Back in my corporate days I worked with a killer sales person. She was positively Machievellian (perhaps an ironic contradiction in terms) in her tactics, yet her numbers set the standard for account acquisition and growth.
She was also a lovely person, sincere and giving and very charismatic. Which was why her most powerful sales strategy always struck me as, well, creepy – she would go out of her way to make friends with prospective clients and existing account contacts.
Sort of like if your life insurance agent invited you to their kid’s grade school graduation. That kind of creepy.
I’m not talking front row seats or recruiting dinners where the agenda is right there on the table next to the menu. I’m talking the baking of wedding cakes and the hosting of birthday parties kind of befriending. Couples outings, girl-on-girl shopping sprees, drinks after work. The stuff of B.F.F.s and old college roomies.
Would she have struck up these friendships if her quota wasn’t on the line? I don’t think so. Did she genuinely like these people, and they her? I think they did.
Even so, I never quite came to grips with it.
And now that – as a blogger trying to grow my site – I’m faced with a similar dynamic, I’m still uncomfortable with it. In fact, I don’t want to go anywhere near it, while wanting to understand how to harness the power of it.
Good thing my strategic targets here are, for the most part, on the other side of the country, or in one case, on the other side of the planet.
Because here’s what I’ve discovered to be perhaps the most powerful growth strategy I’ve seen yet. Better than trying to guest blog on some self-proclaimed superstar’s site, which requires groveling and waiting in the wings for your emails to elicit a response, both of which are very much on the level of baking a wedding cake to land a contract.
Two words: sucking up. Creepy.
But I have found that by creating a relationship with other bloggers within my niche, rather than competing with them, I’m actually sharing in their readership.
This strategy, if you must call it that, is based on the belief that there are more than enough readers to go around, and that they usually subscribe to or visit more than one site within their field of interest.
You’ll never have them all to yourself, and neither will your peers. Even that self-anointed superstar.
I helped create these relationships in the usual ways – guest posting, commenting, etc. – but it wasn’t until I went off-line (via email) to offer compliments or ideas, even suggesting some mutually-beneficial cross-referencing, that I suddenly found myself with some new friends.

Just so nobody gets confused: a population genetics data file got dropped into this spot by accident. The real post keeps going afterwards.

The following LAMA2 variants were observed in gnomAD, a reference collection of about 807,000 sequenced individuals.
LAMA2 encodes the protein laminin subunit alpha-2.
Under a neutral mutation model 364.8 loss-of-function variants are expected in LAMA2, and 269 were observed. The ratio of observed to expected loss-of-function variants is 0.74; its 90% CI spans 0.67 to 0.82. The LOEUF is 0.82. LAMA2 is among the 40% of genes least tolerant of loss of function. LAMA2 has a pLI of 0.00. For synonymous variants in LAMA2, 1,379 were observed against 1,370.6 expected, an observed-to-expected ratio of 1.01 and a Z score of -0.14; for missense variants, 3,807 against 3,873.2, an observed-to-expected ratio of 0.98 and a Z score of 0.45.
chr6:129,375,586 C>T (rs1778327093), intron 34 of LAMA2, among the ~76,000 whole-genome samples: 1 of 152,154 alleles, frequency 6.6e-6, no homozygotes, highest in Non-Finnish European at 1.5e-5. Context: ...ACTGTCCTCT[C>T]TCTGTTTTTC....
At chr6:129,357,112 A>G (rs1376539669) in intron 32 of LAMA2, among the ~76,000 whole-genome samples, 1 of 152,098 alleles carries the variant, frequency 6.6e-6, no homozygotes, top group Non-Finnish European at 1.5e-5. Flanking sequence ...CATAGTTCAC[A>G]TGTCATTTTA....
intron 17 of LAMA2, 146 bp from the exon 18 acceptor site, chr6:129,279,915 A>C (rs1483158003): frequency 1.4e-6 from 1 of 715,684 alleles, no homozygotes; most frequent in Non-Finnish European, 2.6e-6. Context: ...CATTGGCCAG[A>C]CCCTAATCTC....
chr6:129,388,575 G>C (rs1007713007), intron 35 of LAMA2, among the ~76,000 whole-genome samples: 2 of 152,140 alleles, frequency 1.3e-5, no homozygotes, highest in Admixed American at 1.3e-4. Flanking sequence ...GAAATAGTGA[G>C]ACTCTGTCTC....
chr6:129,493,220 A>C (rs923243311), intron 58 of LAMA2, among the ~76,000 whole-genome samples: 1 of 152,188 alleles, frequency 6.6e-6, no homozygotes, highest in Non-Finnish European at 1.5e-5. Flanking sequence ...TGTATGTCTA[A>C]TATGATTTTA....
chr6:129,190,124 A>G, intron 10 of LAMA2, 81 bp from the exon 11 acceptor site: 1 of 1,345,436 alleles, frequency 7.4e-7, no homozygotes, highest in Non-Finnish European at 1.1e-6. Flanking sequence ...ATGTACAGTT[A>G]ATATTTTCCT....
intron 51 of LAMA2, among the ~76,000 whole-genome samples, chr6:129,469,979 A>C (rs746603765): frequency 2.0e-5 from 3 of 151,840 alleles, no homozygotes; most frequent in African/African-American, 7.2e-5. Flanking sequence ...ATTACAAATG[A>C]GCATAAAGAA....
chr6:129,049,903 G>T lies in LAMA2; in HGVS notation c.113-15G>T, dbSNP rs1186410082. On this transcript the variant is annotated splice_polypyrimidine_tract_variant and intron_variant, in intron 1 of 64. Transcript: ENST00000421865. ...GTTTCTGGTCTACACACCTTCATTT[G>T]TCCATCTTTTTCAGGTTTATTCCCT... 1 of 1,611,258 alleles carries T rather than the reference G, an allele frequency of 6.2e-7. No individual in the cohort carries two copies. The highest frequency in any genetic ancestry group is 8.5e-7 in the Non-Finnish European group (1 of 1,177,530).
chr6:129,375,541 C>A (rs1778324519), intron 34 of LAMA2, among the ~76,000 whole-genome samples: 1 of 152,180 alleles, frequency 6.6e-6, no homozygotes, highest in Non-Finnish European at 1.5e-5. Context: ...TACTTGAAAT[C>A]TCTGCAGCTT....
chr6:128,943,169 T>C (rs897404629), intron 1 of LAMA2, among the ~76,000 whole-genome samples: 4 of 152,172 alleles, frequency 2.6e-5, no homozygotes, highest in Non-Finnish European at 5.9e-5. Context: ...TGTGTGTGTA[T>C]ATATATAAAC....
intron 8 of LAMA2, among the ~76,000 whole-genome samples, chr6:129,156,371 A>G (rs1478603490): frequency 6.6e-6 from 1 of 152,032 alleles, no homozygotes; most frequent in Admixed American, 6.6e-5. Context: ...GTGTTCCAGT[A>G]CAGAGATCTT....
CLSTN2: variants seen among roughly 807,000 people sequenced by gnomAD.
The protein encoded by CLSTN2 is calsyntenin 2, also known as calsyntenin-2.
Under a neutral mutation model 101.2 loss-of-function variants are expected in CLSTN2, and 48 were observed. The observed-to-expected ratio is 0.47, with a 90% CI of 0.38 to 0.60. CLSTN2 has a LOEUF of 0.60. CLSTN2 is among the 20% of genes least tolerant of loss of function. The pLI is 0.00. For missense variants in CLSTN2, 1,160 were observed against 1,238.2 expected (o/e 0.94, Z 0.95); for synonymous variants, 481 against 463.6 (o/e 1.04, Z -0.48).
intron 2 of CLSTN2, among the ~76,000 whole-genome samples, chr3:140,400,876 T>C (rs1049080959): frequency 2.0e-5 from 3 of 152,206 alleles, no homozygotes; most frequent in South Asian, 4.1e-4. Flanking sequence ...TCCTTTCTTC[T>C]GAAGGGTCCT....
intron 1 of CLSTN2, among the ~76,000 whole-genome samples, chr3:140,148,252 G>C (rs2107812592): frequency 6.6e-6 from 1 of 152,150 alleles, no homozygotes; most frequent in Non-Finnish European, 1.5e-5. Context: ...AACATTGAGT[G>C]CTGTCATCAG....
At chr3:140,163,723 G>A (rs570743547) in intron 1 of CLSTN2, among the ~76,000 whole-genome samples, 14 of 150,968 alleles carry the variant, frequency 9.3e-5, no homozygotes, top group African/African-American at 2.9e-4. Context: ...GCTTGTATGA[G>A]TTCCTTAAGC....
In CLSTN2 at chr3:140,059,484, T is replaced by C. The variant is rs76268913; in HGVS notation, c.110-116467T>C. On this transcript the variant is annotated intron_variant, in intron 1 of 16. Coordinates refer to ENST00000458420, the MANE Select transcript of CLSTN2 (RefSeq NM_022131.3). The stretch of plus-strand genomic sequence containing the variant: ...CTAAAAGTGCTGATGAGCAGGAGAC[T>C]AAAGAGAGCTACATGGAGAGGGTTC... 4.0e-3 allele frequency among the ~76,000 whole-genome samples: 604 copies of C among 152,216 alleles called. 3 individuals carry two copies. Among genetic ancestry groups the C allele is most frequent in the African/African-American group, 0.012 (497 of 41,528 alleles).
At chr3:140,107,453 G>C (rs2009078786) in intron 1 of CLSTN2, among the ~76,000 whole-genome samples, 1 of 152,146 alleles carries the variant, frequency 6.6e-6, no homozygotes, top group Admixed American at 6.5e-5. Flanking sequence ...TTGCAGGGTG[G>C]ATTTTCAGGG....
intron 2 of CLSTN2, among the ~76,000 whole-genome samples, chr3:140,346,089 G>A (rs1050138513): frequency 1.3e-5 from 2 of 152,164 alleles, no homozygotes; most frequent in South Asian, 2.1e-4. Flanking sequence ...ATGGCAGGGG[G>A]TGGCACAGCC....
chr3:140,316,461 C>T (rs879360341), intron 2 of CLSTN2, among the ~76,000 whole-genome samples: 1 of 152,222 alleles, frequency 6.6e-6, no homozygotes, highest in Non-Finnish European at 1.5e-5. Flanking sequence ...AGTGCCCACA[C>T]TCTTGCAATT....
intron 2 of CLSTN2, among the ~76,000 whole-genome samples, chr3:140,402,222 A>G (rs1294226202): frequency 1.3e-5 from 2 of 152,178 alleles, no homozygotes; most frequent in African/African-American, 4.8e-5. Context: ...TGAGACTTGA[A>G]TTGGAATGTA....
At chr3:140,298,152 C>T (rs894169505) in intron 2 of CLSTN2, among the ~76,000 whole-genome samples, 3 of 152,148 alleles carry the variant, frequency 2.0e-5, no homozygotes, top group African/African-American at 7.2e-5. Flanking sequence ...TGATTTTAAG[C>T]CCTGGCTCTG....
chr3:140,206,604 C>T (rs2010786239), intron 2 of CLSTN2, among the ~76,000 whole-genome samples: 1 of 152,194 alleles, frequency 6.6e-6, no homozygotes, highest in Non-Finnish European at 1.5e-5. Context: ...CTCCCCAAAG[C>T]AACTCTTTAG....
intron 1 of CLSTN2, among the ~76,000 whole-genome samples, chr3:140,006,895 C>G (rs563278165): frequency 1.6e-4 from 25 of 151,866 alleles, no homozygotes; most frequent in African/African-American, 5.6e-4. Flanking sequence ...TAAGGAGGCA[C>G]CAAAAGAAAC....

I didn’t ask them to come to my site, and certainly not to endorse it.
But that’s precisely what happened. When I sent them copies of my new ebooks with no strings and no expectations, they were quick to review them. In fact, they went beyond reviews to the extent of multiple endorsements.
When another blogger advises their readers to visit your site, for the sole reason that they believe your site offers some of the best content on the internet, you’ve just created something special, and very powerful.
It’s called viral marketing, which is based on nothing other than pure quality and timeliness. If your friends see that in your site, they’ll tell the world.
As you should when you see something your readers will value.
Creepy? I don’t think so.
Any more than setting up your single friend with someone you think they’d like to date. Any more than suggesting a favorite restaurant to someone you care about.
In fact, it’s the sincerity of this strategy that makes the word strategy an insufficient and inaccurate adjective.
It’s a full circle approach to blog growth, because it depends on the very first thing we know we need to accomplish as bloggers – creative something fresh and compelling that delivers serious value on a regular basis.
When you have that, let the world see it. You don’t have to sell it, you simply need to rub elbows with others who do what you do, and the rest will take care of itself.
Because an old rule kicks in here as validly as it does in the brick and mortar business world – people do business with people they like.
And to get them to like you, you have to like them first. Nothing creepy about that.
Even when it is strategic.
Photo credit: Afroswede